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Do Justice

Doing justice in the world is an integral part of our history and tradition here at The Community Church of New York. We encourage the personal spiritual growth of our members and seek to create a more just society and world. Find out more...

Recent Justice Making Events

Backpacks for the Street
We were a sponsor for the organization. Backpacks for the homeless were assembled in our Gallery

UN & Global Affairs honors and hosts activities on global multilateralism and the UN's three pillars of work - development, human rights, peace and security.

Green Sanctuary
Recent Environmrntal Program - Link Here

Yemen, Left to Die - UNGA Forum
Yemeni guests from a range of NGOs helped us gain  direct understanding from unique personal and professional views. We learned what is behind the crisis, what is happening now, and how we can help. See these Facbook links for more information for Feed Yemen.

2018 - Time Served!
2019 - We Bend Not Break
Gallery35 @ Community presented art exploring the issue of overcoming the challenges facing those released from prison who are seeking new beginnings in the larger community.  Partnered with CSSNY's conference  Full Participation is a Human Right that was held at Community Church.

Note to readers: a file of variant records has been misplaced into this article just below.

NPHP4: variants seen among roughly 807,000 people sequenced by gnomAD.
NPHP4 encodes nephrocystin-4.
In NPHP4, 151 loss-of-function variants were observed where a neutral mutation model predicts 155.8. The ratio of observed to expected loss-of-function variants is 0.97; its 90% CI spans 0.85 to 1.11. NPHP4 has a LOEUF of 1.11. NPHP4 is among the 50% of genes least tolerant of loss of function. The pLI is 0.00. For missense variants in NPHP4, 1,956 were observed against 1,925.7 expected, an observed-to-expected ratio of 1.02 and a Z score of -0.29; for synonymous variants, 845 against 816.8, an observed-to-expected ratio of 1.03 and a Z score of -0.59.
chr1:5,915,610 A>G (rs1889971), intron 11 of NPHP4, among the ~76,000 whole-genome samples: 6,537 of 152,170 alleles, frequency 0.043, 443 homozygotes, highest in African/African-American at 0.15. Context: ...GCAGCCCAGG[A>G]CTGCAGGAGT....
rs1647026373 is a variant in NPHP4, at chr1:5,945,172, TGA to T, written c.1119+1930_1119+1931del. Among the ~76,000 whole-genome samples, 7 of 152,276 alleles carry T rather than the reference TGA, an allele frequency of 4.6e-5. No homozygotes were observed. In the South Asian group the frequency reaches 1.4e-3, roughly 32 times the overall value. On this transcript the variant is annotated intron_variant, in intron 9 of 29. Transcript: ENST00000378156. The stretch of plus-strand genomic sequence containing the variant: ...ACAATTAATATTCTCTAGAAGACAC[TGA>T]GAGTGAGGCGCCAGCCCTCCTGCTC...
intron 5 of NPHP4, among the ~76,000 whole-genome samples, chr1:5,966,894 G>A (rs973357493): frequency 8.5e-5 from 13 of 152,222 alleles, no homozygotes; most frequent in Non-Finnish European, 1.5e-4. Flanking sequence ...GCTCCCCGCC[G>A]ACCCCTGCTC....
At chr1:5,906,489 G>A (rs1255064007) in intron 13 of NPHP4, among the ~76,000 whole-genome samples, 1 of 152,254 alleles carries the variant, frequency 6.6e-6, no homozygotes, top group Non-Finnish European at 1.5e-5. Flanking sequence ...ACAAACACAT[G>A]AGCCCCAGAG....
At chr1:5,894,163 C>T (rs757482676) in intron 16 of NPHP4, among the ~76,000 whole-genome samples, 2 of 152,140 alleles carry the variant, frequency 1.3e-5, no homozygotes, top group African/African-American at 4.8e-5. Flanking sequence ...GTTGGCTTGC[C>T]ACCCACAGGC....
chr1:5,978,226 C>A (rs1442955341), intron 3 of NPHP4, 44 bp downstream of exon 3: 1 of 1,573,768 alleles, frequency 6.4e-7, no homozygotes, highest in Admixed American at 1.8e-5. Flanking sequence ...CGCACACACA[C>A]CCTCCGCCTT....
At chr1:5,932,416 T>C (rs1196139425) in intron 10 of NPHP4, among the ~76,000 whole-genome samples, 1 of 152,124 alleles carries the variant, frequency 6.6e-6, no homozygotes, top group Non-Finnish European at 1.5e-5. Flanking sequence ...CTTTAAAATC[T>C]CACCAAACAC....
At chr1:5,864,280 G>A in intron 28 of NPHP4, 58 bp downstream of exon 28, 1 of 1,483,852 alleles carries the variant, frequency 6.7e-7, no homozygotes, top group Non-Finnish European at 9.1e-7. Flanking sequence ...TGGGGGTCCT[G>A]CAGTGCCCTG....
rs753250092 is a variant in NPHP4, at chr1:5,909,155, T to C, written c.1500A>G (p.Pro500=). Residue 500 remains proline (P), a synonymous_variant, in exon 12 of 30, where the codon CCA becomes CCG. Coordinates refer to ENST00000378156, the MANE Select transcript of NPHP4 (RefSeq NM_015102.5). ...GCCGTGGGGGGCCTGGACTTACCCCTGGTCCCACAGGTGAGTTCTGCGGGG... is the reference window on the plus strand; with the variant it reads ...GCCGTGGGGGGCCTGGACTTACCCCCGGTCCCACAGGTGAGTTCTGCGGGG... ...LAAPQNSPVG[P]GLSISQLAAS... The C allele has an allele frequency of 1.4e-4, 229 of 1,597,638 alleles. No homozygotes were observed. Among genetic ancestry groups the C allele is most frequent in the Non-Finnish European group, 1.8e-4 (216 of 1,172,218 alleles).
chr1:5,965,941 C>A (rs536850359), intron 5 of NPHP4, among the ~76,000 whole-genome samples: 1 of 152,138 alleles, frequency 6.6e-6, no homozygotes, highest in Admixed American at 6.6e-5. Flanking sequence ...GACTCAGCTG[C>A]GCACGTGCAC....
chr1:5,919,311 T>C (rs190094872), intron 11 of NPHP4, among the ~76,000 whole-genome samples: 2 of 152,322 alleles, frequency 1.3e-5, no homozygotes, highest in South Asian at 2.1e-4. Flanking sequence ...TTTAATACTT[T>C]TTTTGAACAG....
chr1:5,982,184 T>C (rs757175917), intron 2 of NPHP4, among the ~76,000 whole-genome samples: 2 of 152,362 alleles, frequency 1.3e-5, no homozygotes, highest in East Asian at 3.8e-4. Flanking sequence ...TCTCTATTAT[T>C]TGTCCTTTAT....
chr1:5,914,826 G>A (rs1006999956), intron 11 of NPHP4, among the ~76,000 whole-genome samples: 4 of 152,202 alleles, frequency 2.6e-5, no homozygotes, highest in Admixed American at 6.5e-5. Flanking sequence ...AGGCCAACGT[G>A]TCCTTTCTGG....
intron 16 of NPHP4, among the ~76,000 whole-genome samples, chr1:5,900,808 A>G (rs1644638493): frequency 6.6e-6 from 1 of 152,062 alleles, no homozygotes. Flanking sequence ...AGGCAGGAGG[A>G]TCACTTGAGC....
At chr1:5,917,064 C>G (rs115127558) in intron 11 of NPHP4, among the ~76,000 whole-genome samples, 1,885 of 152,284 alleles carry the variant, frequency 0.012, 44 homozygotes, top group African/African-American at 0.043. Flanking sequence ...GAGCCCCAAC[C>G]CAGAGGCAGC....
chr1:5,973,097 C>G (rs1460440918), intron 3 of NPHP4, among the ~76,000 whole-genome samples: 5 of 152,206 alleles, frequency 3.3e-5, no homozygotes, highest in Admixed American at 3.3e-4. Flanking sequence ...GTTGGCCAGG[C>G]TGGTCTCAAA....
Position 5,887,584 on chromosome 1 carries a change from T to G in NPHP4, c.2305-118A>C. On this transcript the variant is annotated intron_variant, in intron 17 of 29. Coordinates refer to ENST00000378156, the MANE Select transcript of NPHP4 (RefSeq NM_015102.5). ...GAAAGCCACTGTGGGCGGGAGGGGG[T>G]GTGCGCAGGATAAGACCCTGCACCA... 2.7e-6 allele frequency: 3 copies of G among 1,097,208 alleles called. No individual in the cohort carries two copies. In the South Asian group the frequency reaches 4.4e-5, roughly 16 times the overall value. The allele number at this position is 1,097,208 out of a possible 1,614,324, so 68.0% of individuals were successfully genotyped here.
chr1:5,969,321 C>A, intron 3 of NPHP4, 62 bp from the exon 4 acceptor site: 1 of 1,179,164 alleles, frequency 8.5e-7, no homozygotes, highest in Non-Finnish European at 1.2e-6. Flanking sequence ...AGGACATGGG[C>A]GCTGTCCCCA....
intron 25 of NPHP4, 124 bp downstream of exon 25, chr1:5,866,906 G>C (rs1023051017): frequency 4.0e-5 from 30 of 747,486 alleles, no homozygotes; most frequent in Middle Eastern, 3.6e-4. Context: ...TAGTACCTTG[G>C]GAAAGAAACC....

Community Church Concert
to Benefit
St Vincent Sevices for CHildren with AIDS
Jonathan Long performs


Doolittle Grants - Information

John Haynes Holmes Fellowships
Scholarships for UU Seminarians


Visit us on Facebook

Community is now on Facebook!

United Nations & Global Affairs (UNGA)

Our UN & Global Affairs program honors and hosts activities on global multilateralism and the UN's three pillars of work - development, human rights, peace and security.  See Sunday Announcements and the website monthly calendar for upcoming dates.

Contact: Dana Burch - danaburch4@gmail.com



Our congregation has a long history of world-mindedness, including a close connection with the Unitarian Universalist United Nations Office. Its first workspace was here in our buildings beginning in 1962, and its importance was recognized in 1965 when the UU UN Office became a funded program of the Unitarian Universalist Association. The first Executive Director was Elizabeth Swazee, who with Velva Sabin contacted UU congregations across the country to support the vision articulated by Adlai Stevenson, a Unitarian and US ambassador to the UN. Writing to the President of the UUA in 1962, he said:

"Let me recommend to you the appointment of envoys in UU churches… to promote better knowledge and understanding of the United Nations. In this disastrous and shrinking world, it is no longer possible – if it ever was – for local communities to be more secure than the surrounding world. Our ultimate security therefore lies in making the world more and more into a community…. All of you have the opportunity to share in the answer and thus help us build a more peaceful world."


Last Published: September 12, 2019 11:07 PM